Electronic device 100 can include a magnetic attachment system that can be used to magnetically attach electronic device 100 to at least one other suitably configured object. The magnetic attachment system can include a number of magnetic attachment features distributed within and in some cases connected to housing 102. For example, the magnetic attachment system can include first magnetic attachment feature 108 and second magnetic attachment feature 110 located on different sides of electronic device 100. In particular, first magnetic attachment feature 108 can be located in proximity to side wall 102 a of housing 102. Second magnetic attachment feature 110 can be located within opening 104 near side wall 102 b of housing 102. In those embodiments where electronic device 100 includes a display with cover glass substantially filling opening 104, second attachment feature 110 can be placed beneath the cover glass.

The placement of first magnetic attachment feature 108 at side wall 102 a can facilitate the use of magnetic attachment feature 108 to magnetically attach electronic device 100 to another suitably configured object such as another electronic device or an accessory device. Accordingly, without loss of generality, first magnetic attachment feature 108 will henceforth be referred to as device attachment feature 108.

The placement of second magnetic attachment feature 110, on the other hand, can facilitate the use of second magnetic attachment feature 110 to secure aspects of another device attached to electronic device 100 by way of device attachment feature 108. In this way, the overall attachment between the other device and electronic device 100 can be more secure than attaching through first attachment feature 108 alone. Accordingly, and again without loss of generality, second attachment feature 110 will henceforth be referred to as securing attachment feature 110.

Although not expressly shown, it is understood that the various magnetic attachment features of the magnetic attachment system can be located at any appropriate location of housing 102. For example, magnetic attachment features can be located at an interior bottom surface of housing 102 or along sides 102 c and 102 d of housing 102.

As shown in FIG. 6, device attachment feature 108 and securing attachment feature 110 can each include one or more magnetic elements. In one example, device attachment feature 108 can multiple magnetic elements that can magnetically interact with each other to provide magnetic field 112 (only a portion of which is shown). In other words, the properties (shape, field strength, and so on) of magnetic field 112 can be based upon the interaction of the magnetic fields generated by each of the magnetic elements. In this way, the properties of magnetic field 112 can be altered simply by arranging the properties (i.e., physical layout, relative size, and constituent magnetic polarities) of each of the magnetic elements. For example, each of the magnetic elements can have varying sizes and can be disposed along an axis. In this way, the magnetic properties of each of the plurality of magnetic elements can act together to establish the overall properties of magnetic field 112.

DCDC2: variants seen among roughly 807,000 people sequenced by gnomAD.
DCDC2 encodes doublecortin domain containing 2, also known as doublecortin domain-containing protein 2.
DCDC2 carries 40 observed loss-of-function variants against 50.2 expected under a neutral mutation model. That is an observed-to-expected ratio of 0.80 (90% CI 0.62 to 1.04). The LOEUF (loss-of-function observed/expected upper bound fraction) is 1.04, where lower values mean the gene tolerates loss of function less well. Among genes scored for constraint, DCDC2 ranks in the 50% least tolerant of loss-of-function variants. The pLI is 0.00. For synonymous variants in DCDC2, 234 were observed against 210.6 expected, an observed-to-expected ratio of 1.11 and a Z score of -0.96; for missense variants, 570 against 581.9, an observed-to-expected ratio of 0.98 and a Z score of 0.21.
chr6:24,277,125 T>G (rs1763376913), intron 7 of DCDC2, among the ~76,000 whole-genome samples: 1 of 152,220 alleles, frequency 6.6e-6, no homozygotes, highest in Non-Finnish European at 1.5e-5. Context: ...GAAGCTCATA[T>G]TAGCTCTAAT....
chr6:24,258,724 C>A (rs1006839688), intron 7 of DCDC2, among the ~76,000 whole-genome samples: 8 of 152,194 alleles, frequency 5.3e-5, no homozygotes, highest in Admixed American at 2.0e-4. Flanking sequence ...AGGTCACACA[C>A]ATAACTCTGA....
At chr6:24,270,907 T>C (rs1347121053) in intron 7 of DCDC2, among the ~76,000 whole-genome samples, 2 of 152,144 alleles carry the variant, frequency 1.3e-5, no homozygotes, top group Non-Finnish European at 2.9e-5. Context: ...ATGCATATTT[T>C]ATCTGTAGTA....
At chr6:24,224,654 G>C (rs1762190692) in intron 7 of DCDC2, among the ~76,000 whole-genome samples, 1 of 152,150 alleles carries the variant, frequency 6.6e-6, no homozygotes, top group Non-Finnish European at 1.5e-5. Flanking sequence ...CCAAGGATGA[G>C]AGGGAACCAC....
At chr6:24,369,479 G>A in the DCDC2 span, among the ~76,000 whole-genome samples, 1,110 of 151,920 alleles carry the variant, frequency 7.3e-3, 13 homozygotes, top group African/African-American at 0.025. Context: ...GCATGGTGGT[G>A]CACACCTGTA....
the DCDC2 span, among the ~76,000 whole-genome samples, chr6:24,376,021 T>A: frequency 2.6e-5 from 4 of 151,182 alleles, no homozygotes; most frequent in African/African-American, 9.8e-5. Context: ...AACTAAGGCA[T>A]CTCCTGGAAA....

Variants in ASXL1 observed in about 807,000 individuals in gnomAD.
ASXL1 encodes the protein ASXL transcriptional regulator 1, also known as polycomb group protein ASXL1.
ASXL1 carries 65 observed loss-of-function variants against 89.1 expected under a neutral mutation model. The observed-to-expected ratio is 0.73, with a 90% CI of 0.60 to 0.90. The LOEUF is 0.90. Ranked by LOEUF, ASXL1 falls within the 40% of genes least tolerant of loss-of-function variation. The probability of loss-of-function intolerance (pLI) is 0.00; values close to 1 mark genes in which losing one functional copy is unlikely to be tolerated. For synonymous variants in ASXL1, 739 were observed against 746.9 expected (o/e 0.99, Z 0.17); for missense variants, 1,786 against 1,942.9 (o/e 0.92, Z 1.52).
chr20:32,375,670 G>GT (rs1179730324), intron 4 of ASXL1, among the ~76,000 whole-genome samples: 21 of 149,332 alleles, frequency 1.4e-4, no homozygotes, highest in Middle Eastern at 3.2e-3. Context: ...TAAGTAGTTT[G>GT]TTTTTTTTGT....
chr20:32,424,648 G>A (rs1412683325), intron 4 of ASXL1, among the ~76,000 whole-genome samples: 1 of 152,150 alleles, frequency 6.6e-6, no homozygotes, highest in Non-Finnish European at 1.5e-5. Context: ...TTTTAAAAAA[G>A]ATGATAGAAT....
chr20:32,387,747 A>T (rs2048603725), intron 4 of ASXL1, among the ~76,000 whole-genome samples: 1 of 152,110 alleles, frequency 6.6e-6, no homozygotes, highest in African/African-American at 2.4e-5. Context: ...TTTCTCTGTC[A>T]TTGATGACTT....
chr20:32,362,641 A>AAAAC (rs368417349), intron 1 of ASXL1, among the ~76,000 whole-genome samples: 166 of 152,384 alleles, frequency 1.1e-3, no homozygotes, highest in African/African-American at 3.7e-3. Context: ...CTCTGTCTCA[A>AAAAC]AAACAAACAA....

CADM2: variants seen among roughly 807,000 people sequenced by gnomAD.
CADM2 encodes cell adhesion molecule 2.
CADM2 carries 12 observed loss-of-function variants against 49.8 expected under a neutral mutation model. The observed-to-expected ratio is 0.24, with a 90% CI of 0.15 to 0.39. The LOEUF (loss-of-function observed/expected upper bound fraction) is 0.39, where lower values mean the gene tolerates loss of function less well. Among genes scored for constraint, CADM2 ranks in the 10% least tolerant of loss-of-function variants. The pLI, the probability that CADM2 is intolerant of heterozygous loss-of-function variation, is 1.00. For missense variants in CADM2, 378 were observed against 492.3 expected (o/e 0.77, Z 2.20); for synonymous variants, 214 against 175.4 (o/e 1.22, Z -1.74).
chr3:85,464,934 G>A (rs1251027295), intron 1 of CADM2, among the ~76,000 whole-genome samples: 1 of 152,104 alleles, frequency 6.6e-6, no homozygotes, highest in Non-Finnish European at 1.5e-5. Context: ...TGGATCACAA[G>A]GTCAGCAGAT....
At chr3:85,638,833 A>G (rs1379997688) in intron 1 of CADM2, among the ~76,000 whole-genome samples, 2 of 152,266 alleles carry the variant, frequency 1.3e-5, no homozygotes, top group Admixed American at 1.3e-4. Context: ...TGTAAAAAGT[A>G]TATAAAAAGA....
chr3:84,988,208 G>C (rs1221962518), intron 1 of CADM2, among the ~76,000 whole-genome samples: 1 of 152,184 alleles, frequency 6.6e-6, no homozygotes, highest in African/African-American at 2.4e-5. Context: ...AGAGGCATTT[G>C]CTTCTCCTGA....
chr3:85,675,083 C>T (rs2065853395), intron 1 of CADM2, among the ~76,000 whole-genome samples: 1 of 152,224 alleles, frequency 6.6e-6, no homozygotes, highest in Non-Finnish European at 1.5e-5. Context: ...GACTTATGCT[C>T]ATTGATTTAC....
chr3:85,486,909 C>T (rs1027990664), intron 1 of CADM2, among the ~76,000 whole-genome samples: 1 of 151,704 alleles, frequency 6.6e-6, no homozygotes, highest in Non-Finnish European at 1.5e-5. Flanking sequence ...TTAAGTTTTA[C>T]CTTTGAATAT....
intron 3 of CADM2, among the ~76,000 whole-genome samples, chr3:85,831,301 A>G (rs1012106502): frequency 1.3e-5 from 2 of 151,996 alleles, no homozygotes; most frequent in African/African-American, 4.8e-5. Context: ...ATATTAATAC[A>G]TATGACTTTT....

In some cases, the portion of magnetic field 112 that is used in the magnetic attachment between device attachment feature 108 and another device can be enhanced with the use of a magnetic shunt (not shown). The magnetic shunt can be formed of magnetically active material, such as steel or iron, and be placed in a position that causes magnetic field lines that would otherwise be directed away from the attachment region to be at least partially re-directed towards the attachment region. The re-direction of the magnetic field lines can have the effect of increasing the average magnetic flux density in the attachment region.

Device attachment feature 108 can operate in an active state as in well as an inactive state. Magnetic flux density B112 can equal or exceed a magnetic flux density threshold Bthreshold inside the exterior surface of housing 102 but not outside in the inactive state. In other words, magnetic flux density B112 of magnetic field 112 at an exterior surface of housing 102 is less than a magnetic flux density threshold Bthreshold. Magnetic flux density threshold Bthreshold representing a magnetic flux value below which magnetically sensitive devices (such a magnetic strip on a credit card) can remain substantially unaffected. In addition, the presence of a magnetically active material (such as steel) in the region outside of electronic device 100 will not by itself trigger device attachment feature 108 to transition from the inactive state to the active state.

As noted above, when device attachment feature 108 is inactive, magnetic flux density B112 of magnetic field 112 at the exterior surface of side 102 a of housing 102 is less than magnetic flux density threshold Bthreshold. More particularly, with regards to device attachment feature 108, magnetic flux density B112 can vary as a function of distance x (i.e., B=B112(x)) from the magnetic elements. Therefore, when device attachment feature 112 is inactive, magnetic flux density B112(x) can satisfy Eq. (1).
B 112(x=x o +t)<B threshold,  Eq. (1)
where

    • t is thickness of housing 102 at side 102 a, and
    • xo distance from interior of side 102 a to the magnetic elements.